Banking Reforms during Liberalization
The economic liberalization in India refers to the economic liberalization of the country’s economic policies, initiated in 1991 with the goal of making the economy more market-oriented and service-oriented, and expanding the role of private and foreign investment. The basic aim of liberalization was to put an end to those restrictions which became hindrances in the development and growth of the nation.
The 1991 reform was not the first attempt at Liberalization. India post-independence was working with a still colonial mindset, following the rules of Fabian Socialism. Still, major problems were being faced –
- The low annual growth rate of the economy of India before 1980, which stagnated around 3.5% from the 1950s to 1980s, while per capita income averaged 1.3%. At the same time, Pakistan grew by 5%, Indonesia by 9%, Thailand by 9%, South Korea by 10% and Taiwan by 12%.
- Only four or five licenses would be given for steel, electrical power and communications. License owners built up huge powerful empires.
- A huge private sector emerged. State-owned enterprises made large losses.
- Income Tax Department and Customs Department became inefficient in checking tax evasion.
- Infrastructure investment was poor because of the public sector monopoly
- License Raj established the “irresponsible, self-perpetuating bureaucracy that still exists throughout much of the country” and corruption flourished under this system
Attempts were made at liberalization in 1966 and 1985. The 1966 attempt was reversed in 1967. The 1990-91 government also took several steps.
In early 1991, India’s foreign exchange reserves dropped to $1.1 billion, which could just cover five weeks of imports; oil prices escalated sharply because of the Gulf War and remittances from Indian workers in the Gulf declined; and by April 1991, there was a significant withdrawal of non-resident Indian deposits and several Indian banks stopped honoring Indian letters of credit for import transactions. The current account deficit was 3% of gross domestic product (GDP) and by June 1991, the wholesale price inflation was 16%.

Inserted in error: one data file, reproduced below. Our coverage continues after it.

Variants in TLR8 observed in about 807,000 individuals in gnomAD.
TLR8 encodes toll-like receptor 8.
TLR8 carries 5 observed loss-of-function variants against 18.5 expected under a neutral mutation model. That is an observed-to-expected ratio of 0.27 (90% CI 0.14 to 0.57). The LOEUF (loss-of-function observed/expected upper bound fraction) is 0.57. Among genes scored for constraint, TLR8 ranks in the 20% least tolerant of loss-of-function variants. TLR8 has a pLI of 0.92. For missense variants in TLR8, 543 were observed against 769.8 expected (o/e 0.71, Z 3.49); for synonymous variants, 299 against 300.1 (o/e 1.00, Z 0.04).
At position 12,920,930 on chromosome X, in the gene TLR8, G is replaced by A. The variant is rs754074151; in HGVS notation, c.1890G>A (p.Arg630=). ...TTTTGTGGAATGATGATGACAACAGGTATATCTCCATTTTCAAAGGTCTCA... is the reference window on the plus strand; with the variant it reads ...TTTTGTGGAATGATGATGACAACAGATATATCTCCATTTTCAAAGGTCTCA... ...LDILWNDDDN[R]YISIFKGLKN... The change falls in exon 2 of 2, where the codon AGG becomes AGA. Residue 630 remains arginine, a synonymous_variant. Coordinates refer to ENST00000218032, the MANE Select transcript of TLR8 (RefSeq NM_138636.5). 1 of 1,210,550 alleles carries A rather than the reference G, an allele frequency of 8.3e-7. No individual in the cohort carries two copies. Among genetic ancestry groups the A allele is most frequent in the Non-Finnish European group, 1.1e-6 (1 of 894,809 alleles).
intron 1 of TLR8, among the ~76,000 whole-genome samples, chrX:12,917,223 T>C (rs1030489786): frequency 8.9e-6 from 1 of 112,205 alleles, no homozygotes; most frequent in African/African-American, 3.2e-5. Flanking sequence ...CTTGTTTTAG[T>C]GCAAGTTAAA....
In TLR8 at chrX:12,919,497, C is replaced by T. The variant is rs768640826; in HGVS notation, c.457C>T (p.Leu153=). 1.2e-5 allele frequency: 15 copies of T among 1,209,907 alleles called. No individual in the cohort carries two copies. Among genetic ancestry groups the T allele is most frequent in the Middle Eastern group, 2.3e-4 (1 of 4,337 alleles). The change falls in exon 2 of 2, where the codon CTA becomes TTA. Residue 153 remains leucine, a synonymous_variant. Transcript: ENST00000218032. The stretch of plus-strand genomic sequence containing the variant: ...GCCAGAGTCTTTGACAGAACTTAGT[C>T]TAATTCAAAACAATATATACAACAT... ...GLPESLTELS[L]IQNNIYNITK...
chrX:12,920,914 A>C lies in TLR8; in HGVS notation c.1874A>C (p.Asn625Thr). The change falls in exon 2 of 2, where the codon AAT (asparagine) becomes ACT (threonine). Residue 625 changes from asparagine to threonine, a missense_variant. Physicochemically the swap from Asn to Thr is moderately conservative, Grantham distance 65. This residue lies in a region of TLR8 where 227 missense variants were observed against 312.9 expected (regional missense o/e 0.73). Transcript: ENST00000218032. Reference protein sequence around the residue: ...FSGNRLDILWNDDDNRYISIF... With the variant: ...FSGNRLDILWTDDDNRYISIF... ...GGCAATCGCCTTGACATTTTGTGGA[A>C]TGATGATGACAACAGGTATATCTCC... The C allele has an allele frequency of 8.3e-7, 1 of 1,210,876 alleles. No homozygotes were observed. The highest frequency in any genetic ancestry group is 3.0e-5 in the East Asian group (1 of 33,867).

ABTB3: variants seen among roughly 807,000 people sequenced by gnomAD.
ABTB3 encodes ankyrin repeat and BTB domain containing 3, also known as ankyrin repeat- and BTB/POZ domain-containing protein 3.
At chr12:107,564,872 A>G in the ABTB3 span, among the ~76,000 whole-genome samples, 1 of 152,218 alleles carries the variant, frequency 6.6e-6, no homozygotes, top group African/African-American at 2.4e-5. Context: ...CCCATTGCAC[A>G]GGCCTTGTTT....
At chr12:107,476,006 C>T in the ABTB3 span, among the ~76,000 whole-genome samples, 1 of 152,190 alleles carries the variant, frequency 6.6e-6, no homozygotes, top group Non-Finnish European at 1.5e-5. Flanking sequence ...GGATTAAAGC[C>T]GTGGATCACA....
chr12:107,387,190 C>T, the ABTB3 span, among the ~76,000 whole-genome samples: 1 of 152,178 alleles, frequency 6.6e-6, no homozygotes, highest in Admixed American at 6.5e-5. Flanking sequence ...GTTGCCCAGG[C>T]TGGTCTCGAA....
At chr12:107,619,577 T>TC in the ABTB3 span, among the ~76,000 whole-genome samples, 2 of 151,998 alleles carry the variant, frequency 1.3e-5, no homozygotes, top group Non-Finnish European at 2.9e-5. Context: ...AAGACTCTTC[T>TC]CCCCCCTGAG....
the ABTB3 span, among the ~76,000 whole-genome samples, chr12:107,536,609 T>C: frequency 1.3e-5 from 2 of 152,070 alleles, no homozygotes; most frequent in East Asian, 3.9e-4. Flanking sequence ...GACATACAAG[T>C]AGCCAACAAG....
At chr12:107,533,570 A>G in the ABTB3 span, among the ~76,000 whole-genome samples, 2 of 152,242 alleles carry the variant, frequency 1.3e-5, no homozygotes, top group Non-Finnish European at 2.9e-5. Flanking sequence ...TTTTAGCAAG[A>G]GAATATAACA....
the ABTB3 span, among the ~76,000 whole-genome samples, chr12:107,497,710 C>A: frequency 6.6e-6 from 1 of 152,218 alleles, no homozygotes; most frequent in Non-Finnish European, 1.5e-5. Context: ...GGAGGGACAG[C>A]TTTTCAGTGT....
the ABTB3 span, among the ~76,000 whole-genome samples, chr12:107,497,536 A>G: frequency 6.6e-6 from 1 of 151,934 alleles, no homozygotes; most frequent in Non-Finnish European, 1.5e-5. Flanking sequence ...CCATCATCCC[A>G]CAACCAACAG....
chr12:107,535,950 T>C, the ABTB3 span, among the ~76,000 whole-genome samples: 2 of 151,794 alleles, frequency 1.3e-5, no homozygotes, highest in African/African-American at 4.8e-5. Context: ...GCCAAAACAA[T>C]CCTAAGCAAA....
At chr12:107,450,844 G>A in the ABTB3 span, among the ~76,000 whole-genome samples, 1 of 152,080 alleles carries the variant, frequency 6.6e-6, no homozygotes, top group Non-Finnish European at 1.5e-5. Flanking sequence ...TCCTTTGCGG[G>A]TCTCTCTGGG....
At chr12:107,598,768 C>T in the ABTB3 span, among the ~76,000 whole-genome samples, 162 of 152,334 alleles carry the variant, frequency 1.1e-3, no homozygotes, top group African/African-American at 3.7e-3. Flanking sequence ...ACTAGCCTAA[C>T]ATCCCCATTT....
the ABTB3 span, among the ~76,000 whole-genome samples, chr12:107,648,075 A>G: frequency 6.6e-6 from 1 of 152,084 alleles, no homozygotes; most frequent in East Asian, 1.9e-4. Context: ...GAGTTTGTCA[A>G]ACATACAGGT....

In response to the crisis, the Finance ministry led by then finance minister Manmohan Singh, initiated the economic liberalization of 1991 with the support of the then Prime Minister Narasimha Rao. The reforms did away with the License Raj, reduced tariffs and interest rates and ended many public monopolies, allowing automatic approval of foreign direct investment in many sectors.
On 12 November 1991, based on an application from the Government of India, World Bank sanctioned a structural adjustment loan / credit that consisted of two components – an IBRD loan of $250 million to be paid over 20 years, and an IDA credit of SDR 183.8 million (equivalent to $250 million) with 35 years maturity, through India’s ministry of finance, with the President of India as the borrower. The loan was meant primarily to support the government’s program of stabilization and economic reform. This specified deregulation, increased foreign direct investment, liberalization of the trade regime, reforming domestic interest rates, strengthening capital markets (stock exchanges), and initiating public enterprise reform (selling off public enterprises).
In 1991, India embarked into an era of Economic Reforms which led to liberalization, privatization and globalization of the Indian Economy. The financial sector reforms were an integral part to these reforms. The financial sector reforms got momentum with the recommendations of various committees such as Chakravarty Committee (1985), Vaghul Committee (1987) and most notably by Narasimham Committee (1991), which is also known as first Narasimham Committee.
The Motive Behind Liberalization
The objectives behind liberalization of the Indian Economy were as follows: